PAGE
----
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Marvin S. Fertel, president and chief executive of the Nuclear Energy Institute, is absolutely full of shit! Nuclear power is NOT, was NOT and NEVER will be safe! How many accidents do we have to have? As in the case with Fukushima, which is still a major global threat, it only takes ONE nuclear reactor to cause world-wide disaster and species extinction to include humans! – John E Loeffler
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The first pool, No. 2, was found to have leaked 120 tons of highly radioactive water on Friday. The size of the leak at the second pool, No. 3, was confirmed at 3 liters late Sunday. The leaks are likely to force Tepco to review its storage strategy for the toxic water, which has become its biggest enemy.
Since the leak is small, there are no plans to drain pool No. 3 into another storage area as is being done with pool No. 2, Tepco said.
The pools are part of a group of seven vast clay-lined storage pits at the plant measuring 60 meters long, 53 meters wide and 6 meters deep. Since each is covered in three layers of protective waterproof lining, how the water escaped will remain a mystery until the faulty pits are drained and examined.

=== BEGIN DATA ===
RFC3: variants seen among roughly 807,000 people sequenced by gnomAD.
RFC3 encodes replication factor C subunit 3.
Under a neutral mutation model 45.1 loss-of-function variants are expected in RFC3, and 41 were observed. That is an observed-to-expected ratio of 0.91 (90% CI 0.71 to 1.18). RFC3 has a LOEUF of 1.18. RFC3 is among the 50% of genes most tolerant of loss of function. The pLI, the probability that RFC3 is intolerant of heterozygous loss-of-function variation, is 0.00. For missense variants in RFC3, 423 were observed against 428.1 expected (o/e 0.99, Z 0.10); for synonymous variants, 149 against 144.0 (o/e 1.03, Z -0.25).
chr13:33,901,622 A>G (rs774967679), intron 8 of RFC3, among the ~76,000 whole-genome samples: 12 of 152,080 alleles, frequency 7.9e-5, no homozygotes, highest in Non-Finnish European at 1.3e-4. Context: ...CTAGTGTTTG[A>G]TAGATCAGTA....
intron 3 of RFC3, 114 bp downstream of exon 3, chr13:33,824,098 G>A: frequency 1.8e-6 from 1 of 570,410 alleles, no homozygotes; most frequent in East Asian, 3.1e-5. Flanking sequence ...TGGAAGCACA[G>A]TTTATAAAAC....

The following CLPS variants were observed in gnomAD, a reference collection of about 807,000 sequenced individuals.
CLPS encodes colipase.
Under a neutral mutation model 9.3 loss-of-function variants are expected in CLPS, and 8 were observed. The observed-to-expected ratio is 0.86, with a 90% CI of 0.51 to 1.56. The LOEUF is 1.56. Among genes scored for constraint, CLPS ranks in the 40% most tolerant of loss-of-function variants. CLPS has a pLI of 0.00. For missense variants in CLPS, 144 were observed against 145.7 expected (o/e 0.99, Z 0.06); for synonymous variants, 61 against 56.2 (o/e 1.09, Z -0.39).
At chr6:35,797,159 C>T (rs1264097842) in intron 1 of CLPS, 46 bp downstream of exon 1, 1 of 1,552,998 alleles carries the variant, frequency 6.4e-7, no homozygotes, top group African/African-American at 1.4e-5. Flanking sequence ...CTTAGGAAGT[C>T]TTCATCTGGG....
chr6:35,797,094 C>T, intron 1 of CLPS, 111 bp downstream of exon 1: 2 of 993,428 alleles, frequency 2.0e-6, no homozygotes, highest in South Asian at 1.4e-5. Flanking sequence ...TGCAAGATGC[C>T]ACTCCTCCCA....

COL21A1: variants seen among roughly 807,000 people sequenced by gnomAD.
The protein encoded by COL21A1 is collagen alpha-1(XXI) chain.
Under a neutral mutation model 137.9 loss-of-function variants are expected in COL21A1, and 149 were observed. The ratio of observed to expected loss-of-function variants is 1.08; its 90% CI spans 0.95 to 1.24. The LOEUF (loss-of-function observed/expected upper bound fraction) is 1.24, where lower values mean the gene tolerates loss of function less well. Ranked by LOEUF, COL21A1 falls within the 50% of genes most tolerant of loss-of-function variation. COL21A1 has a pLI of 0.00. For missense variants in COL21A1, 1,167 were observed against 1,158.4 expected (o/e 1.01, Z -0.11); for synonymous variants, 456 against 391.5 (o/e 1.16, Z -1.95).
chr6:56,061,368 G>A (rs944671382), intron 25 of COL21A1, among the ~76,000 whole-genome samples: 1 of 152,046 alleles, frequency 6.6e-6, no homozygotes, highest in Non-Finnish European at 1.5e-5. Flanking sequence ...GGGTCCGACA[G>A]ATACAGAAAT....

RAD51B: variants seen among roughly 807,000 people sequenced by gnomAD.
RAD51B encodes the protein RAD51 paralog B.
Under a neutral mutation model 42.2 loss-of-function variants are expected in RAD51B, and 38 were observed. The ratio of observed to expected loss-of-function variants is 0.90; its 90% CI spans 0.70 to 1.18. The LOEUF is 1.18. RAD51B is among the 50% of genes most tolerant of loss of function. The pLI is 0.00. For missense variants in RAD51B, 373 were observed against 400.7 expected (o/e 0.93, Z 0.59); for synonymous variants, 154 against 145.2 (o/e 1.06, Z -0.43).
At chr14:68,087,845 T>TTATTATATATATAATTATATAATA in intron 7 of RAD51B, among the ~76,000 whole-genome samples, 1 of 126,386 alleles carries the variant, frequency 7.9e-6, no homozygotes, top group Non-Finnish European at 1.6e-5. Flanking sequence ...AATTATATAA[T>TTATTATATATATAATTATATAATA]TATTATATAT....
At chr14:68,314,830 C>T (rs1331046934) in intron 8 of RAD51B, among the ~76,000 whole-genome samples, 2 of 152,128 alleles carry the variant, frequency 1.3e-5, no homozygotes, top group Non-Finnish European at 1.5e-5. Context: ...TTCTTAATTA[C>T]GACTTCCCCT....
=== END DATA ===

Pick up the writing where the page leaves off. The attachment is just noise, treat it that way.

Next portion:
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New data released by Japan’s Ministry of Health, Labor and Welfare (MHLW) shows once again that the Fukushima Daiichi nuclear disaster is far from over. Despite a complete media blackout on the current situation, levels of Cesium-137 (Cs-137) and Cesium-134 (Cs-134) found in produce and rice crackers located roughly 225 miles away from Fukushima are high enough to cause residents to exceed the annual radiation exposure limit in just a few months, or even weeks.
According to Fukushima-Diary.com, which posts up-to-date information about the Fukushima disaster, rice crackers and tangerines produced in the Shizuoka prefecture are testing high for both Cs-137 and Cs-134. Rice crackers, according to the data sheet, tested at 3.7 Becquerels per kilogram (Bq/Kg) of Cs-137, while tangerines tested at 1.46 Bq/Kg of Cs-134 and 3.14 Bq/Kg of Cs-137.
The Shizuoka prefecture is located about 80 miles southwest of Tokyo, which is highly concerning as it is actually farther away from Fukushima than Tokyo. This suggest that potentially deadly levels of radiation are still affecting large population centers across Japan, including those that are not even in close proximity to the Fukushima plant.